Dear Abby: My husband and I have been married for 27 years and have three grown children. His jobs have caused us to move to various states and, consequently, I've had few opportunities to spend Christmas with my parents.

My father passed away last year and my mother is now 81, and quite frail. I propose that we fly to Michigan to spend Christmas with my mother. She has even offered to pay our plane fares.My husband refuses to go because Mother lives in a cold climate, and he doesn't want the hassle of traveling during the Christmas holidays, with the threat of ice and snow.

I feel that this may be my mother's last Christmas. Our children and grandchildren have offered to travel to wherever we are to be with us for Christmas.

Abby, this is causing a lot of animosity between my husband and me. If my mother dies this year, I know I will regret not having this one last Christmas with her. What should I do?

- New Orleans Reader

Dear Reader: Fly to Michigan and spend your Christmas with your mother. And if your husband chooses to stay home, tell him that he will be missed.

Dear Abby: I am a widow, and my only son is getting married soon. He is marrying a lovely girl, and I like her very much. She has planned a beautiful wedding, but here is the problem.

The song I would like the orchestra to play when I dance with my son at the reception is "A Song for My Son," but my future daughter-in-law prefers that we dance to "Sunrise, Sunset." Even though I think "Sunrise, Sunset" is a lovely song, I prefer "A Song for My Son."

Abby, should I be the one to choose which song my son and I will dance to at the reception? Or should the choice be made by my future daughter-in-law because her family is paying for the wedding?

- Mother of the Groom

Dear Mother: Don't get into a power struggle with your future daughter-in-law. As a diplomatic compromise, I suggest you begin with "A Song for My Son" and end with "Sunrise, Sunset."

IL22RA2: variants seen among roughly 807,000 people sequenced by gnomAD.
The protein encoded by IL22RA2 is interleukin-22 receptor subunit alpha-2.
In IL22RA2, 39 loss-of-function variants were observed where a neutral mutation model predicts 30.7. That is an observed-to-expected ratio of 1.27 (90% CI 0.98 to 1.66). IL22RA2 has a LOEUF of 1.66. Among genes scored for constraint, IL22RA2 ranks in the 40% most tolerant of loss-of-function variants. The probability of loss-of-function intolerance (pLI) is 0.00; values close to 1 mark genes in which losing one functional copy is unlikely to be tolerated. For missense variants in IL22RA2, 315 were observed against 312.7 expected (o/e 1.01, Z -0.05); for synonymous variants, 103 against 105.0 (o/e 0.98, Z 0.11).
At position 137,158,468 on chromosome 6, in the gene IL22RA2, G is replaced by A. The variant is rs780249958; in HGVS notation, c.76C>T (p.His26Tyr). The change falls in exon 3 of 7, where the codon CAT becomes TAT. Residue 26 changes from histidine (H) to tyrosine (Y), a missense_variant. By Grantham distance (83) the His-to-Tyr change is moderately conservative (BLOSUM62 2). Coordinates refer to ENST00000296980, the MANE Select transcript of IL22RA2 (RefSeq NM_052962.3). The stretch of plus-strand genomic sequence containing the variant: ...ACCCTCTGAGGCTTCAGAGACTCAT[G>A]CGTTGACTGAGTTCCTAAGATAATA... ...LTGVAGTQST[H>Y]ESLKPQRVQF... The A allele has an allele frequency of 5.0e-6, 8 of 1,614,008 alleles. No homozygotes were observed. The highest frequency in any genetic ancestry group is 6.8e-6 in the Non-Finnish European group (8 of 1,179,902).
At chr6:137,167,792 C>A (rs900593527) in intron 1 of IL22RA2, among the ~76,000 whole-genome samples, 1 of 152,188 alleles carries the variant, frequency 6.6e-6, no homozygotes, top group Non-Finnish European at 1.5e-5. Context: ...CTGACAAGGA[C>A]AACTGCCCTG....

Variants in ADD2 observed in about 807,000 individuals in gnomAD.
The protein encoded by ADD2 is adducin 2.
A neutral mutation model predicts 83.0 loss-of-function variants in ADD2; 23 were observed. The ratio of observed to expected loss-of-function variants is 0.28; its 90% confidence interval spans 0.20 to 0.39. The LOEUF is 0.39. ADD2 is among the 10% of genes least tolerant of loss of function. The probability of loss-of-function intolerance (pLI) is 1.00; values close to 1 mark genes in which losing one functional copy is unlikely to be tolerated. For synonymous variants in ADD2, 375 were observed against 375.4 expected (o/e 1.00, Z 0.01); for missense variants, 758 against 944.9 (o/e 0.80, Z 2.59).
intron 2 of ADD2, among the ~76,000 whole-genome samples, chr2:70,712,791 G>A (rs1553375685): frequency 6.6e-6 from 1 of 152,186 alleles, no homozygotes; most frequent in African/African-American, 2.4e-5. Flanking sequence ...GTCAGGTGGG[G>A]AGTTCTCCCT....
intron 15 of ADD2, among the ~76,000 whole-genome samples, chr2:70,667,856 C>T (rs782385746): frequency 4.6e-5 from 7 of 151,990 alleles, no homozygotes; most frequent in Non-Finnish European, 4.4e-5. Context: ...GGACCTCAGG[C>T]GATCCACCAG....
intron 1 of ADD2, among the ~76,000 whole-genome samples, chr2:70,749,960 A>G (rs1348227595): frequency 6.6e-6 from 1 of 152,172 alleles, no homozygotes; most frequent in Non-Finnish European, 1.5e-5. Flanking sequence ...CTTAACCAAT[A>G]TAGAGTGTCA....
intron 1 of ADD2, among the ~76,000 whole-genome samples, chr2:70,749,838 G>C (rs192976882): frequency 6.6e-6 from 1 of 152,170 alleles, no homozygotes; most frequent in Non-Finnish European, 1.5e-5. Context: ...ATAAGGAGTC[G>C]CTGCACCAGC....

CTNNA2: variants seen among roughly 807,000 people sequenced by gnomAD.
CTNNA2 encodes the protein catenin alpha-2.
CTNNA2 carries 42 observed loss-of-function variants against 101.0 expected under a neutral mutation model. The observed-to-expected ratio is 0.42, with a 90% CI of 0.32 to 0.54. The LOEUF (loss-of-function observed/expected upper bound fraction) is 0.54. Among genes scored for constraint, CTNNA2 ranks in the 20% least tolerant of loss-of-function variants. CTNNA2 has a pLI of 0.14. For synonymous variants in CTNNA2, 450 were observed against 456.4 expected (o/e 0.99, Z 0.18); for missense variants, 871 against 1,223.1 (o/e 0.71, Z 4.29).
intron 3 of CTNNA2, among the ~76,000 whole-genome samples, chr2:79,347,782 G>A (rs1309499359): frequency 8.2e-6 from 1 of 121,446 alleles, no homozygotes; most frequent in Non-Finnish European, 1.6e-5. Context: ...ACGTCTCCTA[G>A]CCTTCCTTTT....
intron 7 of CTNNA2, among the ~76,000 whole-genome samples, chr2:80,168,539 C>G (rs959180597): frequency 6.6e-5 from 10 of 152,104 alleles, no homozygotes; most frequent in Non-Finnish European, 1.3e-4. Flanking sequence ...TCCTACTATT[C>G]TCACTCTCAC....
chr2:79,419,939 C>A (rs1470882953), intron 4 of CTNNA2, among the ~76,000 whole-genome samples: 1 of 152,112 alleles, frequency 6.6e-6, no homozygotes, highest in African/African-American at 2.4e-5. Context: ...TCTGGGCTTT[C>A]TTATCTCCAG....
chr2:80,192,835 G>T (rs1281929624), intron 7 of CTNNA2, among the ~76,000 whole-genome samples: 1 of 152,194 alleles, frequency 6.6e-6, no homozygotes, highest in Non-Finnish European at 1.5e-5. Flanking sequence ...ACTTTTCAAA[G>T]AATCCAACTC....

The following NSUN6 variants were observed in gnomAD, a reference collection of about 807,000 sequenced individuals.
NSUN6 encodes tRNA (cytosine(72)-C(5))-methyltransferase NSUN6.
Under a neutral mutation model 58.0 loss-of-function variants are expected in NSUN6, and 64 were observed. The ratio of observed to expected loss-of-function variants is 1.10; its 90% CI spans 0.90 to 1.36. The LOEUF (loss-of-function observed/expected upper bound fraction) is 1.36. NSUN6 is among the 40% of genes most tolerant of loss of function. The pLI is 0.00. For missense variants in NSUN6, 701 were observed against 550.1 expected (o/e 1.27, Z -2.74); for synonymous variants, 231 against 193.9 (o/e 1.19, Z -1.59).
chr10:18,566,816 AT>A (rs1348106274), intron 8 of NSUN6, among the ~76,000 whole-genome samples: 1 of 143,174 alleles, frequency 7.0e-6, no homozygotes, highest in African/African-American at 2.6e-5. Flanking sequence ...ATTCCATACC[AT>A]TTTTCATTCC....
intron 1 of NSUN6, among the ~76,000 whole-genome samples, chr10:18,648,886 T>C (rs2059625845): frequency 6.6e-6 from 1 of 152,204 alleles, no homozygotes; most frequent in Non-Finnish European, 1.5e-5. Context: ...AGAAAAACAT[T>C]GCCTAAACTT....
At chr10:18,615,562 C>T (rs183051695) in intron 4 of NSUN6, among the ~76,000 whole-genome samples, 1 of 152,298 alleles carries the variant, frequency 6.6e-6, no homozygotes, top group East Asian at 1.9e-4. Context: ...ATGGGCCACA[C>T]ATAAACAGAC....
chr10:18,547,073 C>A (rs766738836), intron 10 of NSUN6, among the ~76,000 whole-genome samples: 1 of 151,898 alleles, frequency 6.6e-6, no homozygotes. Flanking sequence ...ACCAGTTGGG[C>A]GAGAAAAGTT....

Dear Abby: I have been meaning to write this letter for weeks. A while back you published a letter from a woman signed "Nameless," a widow in her 60s who met a very attractive widower in his 70s at a World War II veterans reunion. They were instantly attracted to each other, but he was afraid of upsetting his family with the news that he had met someone special, because he had been widowed only six weeks.

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I was in the same position as that man. A few years ago, I met a wonderful widow aboard a Princess Cruise ship. We, too, lived 1,000 miles apart and had grown children.

I suggest that they book single rooms on a 10-day (or two-week) cruise and experience the courtship of dating daily . . . meeting for dinner and dancing, shipboard games, etc. It is an ideal way for two people to get to know each other.

If they are right for each other, they will know it, and the courtship will be exciting. And if they are as fortunate as I was, his children will encourage him to propose marriage.

- A Love Boat Alumnus

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